In boxing's return to Las Vegas, Shakur Stevenson cruises past Felix Caraballo

Shakur Stevenson finishes Felix Caraballo with a devastating body shot (1:05)

Shakur Stevenson stays undefeated after catching Felix Caraballo with a vicious blow to the solar plexus in Round 6. (1:05)

Shakur Stevenson dominated Felix Caraballo over six one-sided rounds on Tuesday at the MGM Grand Conference Center in Las Vegas in what was the return of boxing to the city.

Stevenson (14-0, 8 KOs) was sharp from the beginning, muting the aggression of Caraballo (13-2-2, 9 KOs), who tried to press Stevenson early but was met with a variety of sharp and accurate punches that seemingly came from all directions. Stevenson scored a knockdown in the first round after striking Caraballo in the body with a right hook.

"I came in to get him out of there," Stevenson said. "I hit him with everything I could early on. I wobbled him a bunch of times. He took a lot of punishment. I started realizing the head shots weren't going to get him out of there, so I started going to the body."

It became steadily worse for Caraballo, who was game but outclassed. The only real moment of difficulty for Stevenson was when he winced and shook his left hand after landing a punch with it in the fifth. According to ESPN's Bernardo Osuna, who was ringside in Las Vegas, Stevenson headed to the hospital after the fight for further evaluation.

After softening the body of his opponent for a few rounds, Stevenson landed a digging left to the stomach of Caraballo in the sixth round, putting him on his knees and forcing referee Tony Weeks to wave off the fight.

"He opened up wide, and I caught him in between his punch," Stevenson said. "I caught him right in the middle of his shot."

This was a nontitle affair for Stevenson, who is the reigning WBO featherweight champion, and his first outing since his mid-March bout against Miguel Marriaga was canceled because of the coronavirus pandemic. Stevenson, who was bitterly disappointed about not being able to perform a few months ago, was relieved to be back at work.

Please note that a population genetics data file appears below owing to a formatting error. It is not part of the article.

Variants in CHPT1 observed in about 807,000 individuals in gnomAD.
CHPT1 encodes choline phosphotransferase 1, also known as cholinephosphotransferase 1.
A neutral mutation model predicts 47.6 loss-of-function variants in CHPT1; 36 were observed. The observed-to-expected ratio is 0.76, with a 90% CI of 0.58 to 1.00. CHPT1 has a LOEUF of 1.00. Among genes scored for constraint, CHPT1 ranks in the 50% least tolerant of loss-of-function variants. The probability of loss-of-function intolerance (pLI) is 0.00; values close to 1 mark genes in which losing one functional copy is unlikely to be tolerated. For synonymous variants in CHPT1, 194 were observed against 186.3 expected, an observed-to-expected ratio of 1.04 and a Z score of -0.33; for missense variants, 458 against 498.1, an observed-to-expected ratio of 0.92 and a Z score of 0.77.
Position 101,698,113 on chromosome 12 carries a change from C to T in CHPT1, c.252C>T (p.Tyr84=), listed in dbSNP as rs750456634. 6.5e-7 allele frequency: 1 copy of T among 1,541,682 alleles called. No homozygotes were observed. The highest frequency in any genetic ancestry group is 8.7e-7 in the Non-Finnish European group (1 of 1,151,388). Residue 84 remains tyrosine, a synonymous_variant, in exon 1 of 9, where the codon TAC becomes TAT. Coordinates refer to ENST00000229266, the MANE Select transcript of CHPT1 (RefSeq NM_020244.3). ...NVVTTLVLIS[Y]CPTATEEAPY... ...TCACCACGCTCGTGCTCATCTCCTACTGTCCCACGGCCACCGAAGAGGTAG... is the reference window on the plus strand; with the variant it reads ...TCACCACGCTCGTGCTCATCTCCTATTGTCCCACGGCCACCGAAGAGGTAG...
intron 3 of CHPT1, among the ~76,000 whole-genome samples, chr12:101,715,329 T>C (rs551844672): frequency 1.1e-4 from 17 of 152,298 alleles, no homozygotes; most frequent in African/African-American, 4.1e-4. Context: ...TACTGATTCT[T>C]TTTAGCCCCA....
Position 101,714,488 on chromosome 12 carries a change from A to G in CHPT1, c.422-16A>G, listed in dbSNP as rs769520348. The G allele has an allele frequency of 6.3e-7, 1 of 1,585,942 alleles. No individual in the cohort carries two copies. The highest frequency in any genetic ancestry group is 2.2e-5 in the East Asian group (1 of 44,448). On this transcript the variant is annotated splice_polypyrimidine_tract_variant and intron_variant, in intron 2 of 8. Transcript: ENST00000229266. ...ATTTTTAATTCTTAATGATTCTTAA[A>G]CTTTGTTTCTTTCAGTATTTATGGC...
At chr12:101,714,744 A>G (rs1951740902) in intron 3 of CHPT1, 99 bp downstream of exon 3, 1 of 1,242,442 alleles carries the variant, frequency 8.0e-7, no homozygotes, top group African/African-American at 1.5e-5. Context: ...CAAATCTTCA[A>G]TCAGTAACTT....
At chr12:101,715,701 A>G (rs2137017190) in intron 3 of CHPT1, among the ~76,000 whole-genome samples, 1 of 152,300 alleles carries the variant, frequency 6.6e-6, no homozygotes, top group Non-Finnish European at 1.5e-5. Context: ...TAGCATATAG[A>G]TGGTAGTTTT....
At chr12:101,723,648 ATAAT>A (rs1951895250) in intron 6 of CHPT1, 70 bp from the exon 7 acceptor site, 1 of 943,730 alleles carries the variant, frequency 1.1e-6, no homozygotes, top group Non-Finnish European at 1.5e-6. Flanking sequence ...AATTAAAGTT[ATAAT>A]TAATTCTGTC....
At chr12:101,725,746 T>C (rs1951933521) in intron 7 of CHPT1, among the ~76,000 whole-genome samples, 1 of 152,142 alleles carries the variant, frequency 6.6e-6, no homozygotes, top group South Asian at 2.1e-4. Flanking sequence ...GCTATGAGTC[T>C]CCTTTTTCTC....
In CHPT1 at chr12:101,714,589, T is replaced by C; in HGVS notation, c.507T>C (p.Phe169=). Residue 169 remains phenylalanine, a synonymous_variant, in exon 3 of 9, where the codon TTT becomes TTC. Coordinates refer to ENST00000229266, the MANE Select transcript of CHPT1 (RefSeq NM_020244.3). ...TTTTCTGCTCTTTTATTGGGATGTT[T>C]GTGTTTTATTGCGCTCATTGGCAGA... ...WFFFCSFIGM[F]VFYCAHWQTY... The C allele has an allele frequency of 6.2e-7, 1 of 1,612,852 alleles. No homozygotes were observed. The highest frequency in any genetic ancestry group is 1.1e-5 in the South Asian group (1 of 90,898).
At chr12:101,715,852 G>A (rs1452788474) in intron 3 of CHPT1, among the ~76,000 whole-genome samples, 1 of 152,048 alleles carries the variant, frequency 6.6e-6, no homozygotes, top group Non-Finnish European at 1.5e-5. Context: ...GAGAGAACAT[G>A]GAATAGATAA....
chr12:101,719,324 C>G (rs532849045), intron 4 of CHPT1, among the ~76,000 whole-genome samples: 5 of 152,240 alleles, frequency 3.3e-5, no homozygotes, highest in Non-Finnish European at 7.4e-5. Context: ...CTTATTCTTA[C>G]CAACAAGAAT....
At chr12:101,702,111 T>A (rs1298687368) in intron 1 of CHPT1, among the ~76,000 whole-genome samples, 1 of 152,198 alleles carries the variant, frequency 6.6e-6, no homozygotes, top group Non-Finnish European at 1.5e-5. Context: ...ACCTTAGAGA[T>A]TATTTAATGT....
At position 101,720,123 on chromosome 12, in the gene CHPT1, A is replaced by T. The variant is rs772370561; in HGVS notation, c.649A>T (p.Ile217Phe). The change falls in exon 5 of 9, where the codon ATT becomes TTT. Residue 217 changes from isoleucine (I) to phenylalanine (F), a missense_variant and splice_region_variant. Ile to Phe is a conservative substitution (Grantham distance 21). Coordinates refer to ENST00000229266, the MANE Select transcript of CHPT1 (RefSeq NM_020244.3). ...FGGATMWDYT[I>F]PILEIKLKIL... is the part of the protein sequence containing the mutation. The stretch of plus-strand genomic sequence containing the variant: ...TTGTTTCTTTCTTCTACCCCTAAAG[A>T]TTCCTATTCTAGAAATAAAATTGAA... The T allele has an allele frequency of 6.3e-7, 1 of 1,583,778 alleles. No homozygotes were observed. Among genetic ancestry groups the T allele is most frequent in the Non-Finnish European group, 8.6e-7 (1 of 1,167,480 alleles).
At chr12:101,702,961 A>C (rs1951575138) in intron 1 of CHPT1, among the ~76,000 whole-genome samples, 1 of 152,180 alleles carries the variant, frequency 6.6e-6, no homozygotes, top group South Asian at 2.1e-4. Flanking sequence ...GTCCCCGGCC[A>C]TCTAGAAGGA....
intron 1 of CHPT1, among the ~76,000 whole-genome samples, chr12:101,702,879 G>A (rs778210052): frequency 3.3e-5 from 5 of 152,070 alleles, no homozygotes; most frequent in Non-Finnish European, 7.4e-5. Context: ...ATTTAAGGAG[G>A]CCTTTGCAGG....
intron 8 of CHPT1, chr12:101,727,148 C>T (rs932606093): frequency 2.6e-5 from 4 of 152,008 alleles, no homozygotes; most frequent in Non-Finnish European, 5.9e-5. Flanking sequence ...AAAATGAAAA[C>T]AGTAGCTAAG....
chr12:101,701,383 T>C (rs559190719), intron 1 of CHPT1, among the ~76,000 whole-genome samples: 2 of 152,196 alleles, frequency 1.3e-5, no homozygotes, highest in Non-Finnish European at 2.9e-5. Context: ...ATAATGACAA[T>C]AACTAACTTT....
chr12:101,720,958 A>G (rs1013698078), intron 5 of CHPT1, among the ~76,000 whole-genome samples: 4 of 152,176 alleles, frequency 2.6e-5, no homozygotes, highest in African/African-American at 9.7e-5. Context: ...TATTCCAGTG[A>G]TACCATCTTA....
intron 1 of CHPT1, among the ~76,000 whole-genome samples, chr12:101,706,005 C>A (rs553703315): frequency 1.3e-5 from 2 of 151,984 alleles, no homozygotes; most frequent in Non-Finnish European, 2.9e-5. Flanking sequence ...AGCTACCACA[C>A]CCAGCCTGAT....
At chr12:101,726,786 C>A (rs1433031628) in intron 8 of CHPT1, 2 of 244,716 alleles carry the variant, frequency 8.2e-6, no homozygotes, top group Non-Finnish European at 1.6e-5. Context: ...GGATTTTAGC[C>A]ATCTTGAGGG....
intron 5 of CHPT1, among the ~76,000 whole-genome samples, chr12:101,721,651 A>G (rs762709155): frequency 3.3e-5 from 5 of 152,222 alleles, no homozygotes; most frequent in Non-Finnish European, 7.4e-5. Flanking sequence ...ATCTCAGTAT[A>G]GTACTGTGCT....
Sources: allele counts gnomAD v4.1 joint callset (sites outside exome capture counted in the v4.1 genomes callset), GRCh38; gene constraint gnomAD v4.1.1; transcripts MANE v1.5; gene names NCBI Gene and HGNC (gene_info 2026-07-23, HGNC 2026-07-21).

Despite the victory -- something Stevenson is very much used to -- he admitted that this fight was unlike any other, given the protocols surrounding the event.

"It was a different atmosphere -- losing the weight was different, training in the gym was different. I couldn't be around nobody," said Stevenson, adding that not having a live audience was awkward. "It is a little different."

Just 22 years old, Stevenson seems to be getting bigger and stronger, and there are questions about whether he will go back down to 126 pounds and make a defense of that WBO belt. There was talk of him facing IBF champion Josh Warrington in a unification bout, but an agreement does not seem imminent.

It isn't clear where Stevenson's immediate future lies, but many believe he will be one of the most dominant boxers for the next decade, with comparisons being made to Floyd Mayweather.

"We're two different fighters. We got two different styles. I got my own style,'' Stevenson said regarding the Mayweather comparisons. "I'm still my own fighter. I'm the first Shakur Stevenson."

Las Vegas had not hosted a boxing event since Feb. 22, when Tyson Fury knocked out Deontay Wilder in seven rounds.